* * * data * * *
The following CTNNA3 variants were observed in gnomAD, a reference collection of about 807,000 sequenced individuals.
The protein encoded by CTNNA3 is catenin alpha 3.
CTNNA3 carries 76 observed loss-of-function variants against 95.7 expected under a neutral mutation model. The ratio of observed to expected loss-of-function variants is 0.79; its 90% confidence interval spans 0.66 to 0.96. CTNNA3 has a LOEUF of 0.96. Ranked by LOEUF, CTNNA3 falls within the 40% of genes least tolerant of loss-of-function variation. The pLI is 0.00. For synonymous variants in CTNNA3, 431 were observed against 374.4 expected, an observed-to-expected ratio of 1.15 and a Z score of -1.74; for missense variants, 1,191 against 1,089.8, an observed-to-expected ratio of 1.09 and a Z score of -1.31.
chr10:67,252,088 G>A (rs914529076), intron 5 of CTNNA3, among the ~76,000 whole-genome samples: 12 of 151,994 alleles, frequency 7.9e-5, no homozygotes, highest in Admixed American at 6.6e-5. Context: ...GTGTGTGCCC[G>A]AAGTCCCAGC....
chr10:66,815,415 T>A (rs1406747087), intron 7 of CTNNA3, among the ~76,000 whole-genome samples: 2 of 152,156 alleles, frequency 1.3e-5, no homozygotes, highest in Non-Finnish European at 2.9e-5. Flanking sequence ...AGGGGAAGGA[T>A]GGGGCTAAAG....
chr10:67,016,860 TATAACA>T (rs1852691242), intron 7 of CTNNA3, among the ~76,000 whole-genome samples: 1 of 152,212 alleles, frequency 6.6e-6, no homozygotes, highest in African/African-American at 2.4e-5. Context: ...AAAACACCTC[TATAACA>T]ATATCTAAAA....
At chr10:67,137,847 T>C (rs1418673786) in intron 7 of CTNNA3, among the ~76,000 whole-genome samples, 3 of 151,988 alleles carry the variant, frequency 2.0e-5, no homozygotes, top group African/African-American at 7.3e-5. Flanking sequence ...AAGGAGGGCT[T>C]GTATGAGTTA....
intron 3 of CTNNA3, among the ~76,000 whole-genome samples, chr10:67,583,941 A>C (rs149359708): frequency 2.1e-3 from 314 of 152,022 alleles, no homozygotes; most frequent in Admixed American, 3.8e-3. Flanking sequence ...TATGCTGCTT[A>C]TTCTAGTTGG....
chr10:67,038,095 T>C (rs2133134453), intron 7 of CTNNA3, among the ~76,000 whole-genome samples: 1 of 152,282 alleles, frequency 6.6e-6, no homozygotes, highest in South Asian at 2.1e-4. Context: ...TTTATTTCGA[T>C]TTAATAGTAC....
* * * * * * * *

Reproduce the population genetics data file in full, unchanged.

The following CTNNA3 variants were observed in gnomAD, a reference collection of about 807,000 sequenced individuals.
The protein encoded by CTNNA3 is catenin alpha 3.
CTNNA3 carries 76 observed loss-of-function variants against 95.7 expected under a neutral mutation model. The ratio of observed to expected loss-of-function variants is 0.79; its 90% confidence interval spans 0.66 to 0.96. CTNNA3 has a LOEUF of 0.96. Ranked by LOEUF, CTNNA3 falls within the 40% of genes least tolerant of loss-of-function variation. The pLI is 0.00. For synonymous variants in CTNNA3, 431 were observed against 374.4 expected, an observed-to-expected ratio of 1.15 and a Z score of -1.74; for missense variants, 1,191 against 1,089.8, an observed-to-expected ratio of 1.09 and a Z score of -1.31.
chr10:67,252,088 G>A (rs914529076), intron 5 of CTNNA3, among the ~76,000 whole-genome samples: 12 of 151,994 alleles, frequency 7.9e-5, no homozygotes, highest in Admixed American at 6.6e-5. Context: ...GTGTGTGCCC[G>A]AAGTCCCAGC....
chr10:66,815,415 T>A (rs1406747087), intron 7 of CTNNA3, among the ~76,000 whole-genome samples: 2 of 152,156 alleles, frequency 1.3e-5, no homozygotes, highest in Non-Finnish European at 2.9e-5. Flanking sequence ...AGGGGAAGGA[T>A]GGGGCTAAAG....
chr10:67,016,860 TATAACA>T (rs1852691242), intron 7 of CTNNA3, among the ~76,000 whole-genome samples: 1 of 152,212 alleles, frequency 6.6e-6, no homozygotes, highest in African/African-American at 2.4e-5. Context: ...AAAACACCTC[TATAACA>T]ATATCTAAAA....
At chr10:67,137,847 T>C (rs1418673786) in intron 7 of CTNNA3, among the ~76,000 whole-genome samples, 3 of 151,988 alleles carry the variant, frequency 2.0e-5, no homozygotes, top group African/African-American at 7.3e-5. Flanking sequence ...AAGGAGGGCT[T>C]GTATGAGTTA....
intron 3 of CTNNA3, among the ~76,000 whole-genome samples, chr10:67,583,941 A>C (rs149359708): frequency 2.1e-3 from 314 of 152,022 alleles, no homozygotes; most frequent in Admixed American, 3.8e-3. Flanking sequence ...TATGCTGCTT[A>C]TTCTAGTTGG....
chr10:67,038,095 T>C (rs2133134453), intron 7 of CTNNA3, among the ~76,000 whole-genome samples: 1 of 152,282 alleles, frequency 6.6e-6, no homozygotes, highest in South Asian at 2.1e-4. Context: ...TTTATTTCGA[T>C]TTAATAGTAC....